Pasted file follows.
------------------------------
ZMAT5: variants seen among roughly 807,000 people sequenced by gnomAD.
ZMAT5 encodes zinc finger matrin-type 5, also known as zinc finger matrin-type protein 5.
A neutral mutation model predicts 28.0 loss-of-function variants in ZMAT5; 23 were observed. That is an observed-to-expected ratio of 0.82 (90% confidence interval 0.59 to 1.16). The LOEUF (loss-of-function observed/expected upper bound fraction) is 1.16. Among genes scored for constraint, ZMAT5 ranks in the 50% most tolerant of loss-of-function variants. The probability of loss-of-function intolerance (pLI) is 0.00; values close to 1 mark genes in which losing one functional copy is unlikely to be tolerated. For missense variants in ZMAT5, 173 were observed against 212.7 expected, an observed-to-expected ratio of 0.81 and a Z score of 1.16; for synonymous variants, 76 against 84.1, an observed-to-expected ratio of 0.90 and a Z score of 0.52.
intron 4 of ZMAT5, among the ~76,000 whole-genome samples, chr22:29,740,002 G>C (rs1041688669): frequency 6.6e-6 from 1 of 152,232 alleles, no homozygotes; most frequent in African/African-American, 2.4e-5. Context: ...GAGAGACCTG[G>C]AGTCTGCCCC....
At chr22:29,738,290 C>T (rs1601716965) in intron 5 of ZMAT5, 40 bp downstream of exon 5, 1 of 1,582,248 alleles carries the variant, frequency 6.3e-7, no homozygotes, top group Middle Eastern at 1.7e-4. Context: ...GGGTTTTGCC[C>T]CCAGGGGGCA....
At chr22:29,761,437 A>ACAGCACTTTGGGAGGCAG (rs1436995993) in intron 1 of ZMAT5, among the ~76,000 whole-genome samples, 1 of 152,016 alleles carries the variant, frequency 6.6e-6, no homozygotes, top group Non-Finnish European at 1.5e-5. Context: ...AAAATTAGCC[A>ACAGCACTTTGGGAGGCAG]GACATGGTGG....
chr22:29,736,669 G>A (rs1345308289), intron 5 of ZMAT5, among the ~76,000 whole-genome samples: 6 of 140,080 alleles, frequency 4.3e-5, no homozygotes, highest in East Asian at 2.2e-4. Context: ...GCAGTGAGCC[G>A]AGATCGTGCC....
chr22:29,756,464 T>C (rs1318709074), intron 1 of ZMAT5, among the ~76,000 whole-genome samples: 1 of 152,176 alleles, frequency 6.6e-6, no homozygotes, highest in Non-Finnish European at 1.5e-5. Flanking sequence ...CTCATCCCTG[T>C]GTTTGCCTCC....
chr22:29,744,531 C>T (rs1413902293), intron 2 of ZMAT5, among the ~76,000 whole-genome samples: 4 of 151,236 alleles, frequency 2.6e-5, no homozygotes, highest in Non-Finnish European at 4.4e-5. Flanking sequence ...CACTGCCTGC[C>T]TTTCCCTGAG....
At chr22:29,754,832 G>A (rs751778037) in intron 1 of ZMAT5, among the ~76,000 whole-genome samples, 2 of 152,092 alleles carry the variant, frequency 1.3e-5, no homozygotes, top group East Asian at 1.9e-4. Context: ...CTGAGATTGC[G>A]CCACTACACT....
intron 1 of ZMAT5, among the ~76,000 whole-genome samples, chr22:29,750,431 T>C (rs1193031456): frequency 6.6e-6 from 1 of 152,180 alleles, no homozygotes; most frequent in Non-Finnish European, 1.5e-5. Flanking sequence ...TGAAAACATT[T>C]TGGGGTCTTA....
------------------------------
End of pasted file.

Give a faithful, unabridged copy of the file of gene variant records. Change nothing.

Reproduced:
ZMAT5: variants seen among roughly 807,000 people sequenced by gnomAD.
ZMAT5 encodes zinc finger matrin-type 5, also known as zinc finger matrin-type protein 5.
A neutral mutation model predicts 28.0 loss-of-function variants in ZMAT5; 23 were observed. That is an observed-to-expected ratio of 0.82 (90% confidence interval 0.59 to 1.16). The LOEUF (loss-of-function observed/expected upper bound fraction) is 1.16. Among genes scored for constraint, ZMAT5 ranks in the 50% most tolerant of loss-of-function variants. The probability of loss-of-function intolerance (pLI) is 0.00; values close to 1 mark genes in which losing one functional copy is unlikely to be tolerated. For missense variants in ZMAT5, 173 were observed against 212.7 expected, an observed-to-expected ratio of 0.81 and a Z score of 1.16; for synonymous variants, 76 against 84.1, an observed-to-expected ratio of 0.90 and a Z score of 0.52.
intron 4 of ZMAT5, among the ~76,000 whole-genome samples, chr22:29,740,002 G>C (rs1041688669): frequency 6.6e-6 from 1 of 152,232 alleles, no homozygotes; most frequent in African/African-American, 2.4e-5. Context: ...GAGAGACCTG[G>C]AGTCTGCCCC....
At chr22:29,738,290 C>T (rs1601716965) in intron 5 of ZMAT5, 40 bp downstream of exon 5, 1 of 1,582,248 alleles carries the variant, frequency 6.3e-7, no homozygotes, top group Middle Eastern at 1.7e-4. Context: ...GGGTTTTGCC[C>T]CCAGGGGGCA....
At chr22:29,761,437 A>ACAGCACTTTGGGAGGCAG (rs1436995993) in intron 1 of ZMAT5, among the ~76,000 whole-genome samples, 1 of 152,016 alleles carries the variant, frequency 6.6e-6, no homozygotes, top group Non-Finnish European at 1.5e-5. Context: ...AAAATTAGCC[A>ACAGCACTTTGGGAGGCAG]GACATGGTGG....
chr22:29,736,669 G>A (rs1345308289), intron 5 of ZMAT5, among the ~76,000 whole-genome samples: 6 of 140,080 alleles, frequency 4.3e-5, no homozygotes, highest in East Asian at 2.2e-4. Context: ...GCAGTGAGCC[G>A]AGATCGTGCC....
chr22:29,756,464 T>C (rs1318709074), intron 1 of ZMAT5, among the ~76,000 whole-genome samples: 1 of 152,176 alleles, frequency 6.6e-6, no homozygotes, highest in Non-Finnish European at 1.5e-5. Flanking sequence ...CTCATCCCTG[T>C]GTTTGCCTCC....
chr22:29,744,531 C>T (rs1413902293), intron 2 of ZMAT5, among the ~76,000 whole-genome samples: 4 of 151,236 alleles, frequency 2.6e-5, no homozygotes, highest in Non-Finnish European at 4.4e-5. Flanking sequence ...CACTGCCTGC[C>T]TTTCCCTGAG....
At chr22:29,754,832 G>A (rs751778037) in intron 1 of ZMAT5, among the ~76,000 whole-genome samples, 2 of 152,092 alleles carry the variant, frequency 1.3e-5, no homozygotes, top group East Asian at 1.9e-4. Context: ...CTGAGATTGC[G>A]CCACTACACT....
intron 1 of ZMAT5, among the ~76,000 whole-genome samples, chr22:29,750,431 T>C (rs1193031456): frequency 6.6e-6 from 1 of 152,180 alleles, no homozygotes; most frequent in Non-Finnish European, 1.5e-5. Flanking sequence ...TGAAAACATT[T>C]TGGGGTCTTA....